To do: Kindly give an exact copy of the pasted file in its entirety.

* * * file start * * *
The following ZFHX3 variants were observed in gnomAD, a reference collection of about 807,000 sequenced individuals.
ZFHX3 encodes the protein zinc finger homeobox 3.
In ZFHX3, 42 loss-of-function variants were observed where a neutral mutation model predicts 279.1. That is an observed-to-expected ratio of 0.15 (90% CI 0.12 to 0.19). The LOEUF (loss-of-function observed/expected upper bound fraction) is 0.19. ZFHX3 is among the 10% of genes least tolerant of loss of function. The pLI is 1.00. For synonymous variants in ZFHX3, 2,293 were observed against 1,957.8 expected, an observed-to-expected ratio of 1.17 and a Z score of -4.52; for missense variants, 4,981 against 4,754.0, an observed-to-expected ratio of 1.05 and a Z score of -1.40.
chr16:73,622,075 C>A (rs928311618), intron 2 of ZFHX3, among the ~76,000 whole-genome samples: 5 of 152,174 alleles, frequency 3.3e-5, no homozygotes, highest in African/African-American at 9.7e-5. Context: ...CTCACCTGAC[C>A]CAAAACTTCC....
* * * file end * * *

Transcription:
The following ZFHX3 variants were observed in gnomAD, a reference collection of about 807,000 sequenced individuals.
ZFHX3 encodes the protein zinc finger homeobox 3.
In ZFHX3, 42 loss-of-function variants were observed where a neutral mutation model predicts 279.1. That is an observed-to-expected ratio of 0.15 (90% CI 0.12 to 0.19). The LOEUF (loss-of-function observed/expected upper bound fraction) is 0.19. ZFHX3 is among the 10% of genes least tolerant of loss of function. The pLI is 1.00. For synonymous variants in ZFHX3, 2,293 were observed against 1,957.8 expected, an observed-to-expected ratio of 1.17 and a Z score of -4.52; for missense variants, 4,981 against 4,754.0, an observed-to-expected ratio of 1.05 and a Z score of -1.40.
chr16:73,622,075 C>A (rs928311618), intron 2 of ZFHX3, among the ~76,000 whole-genome samples: 5 of 152,174 alleles, frequency 3.3e-5, no homozygotes, highest in African/African-American at 9.7e-5. Context: ...CTCACCTGAC[C>A]CAAAACTTCC....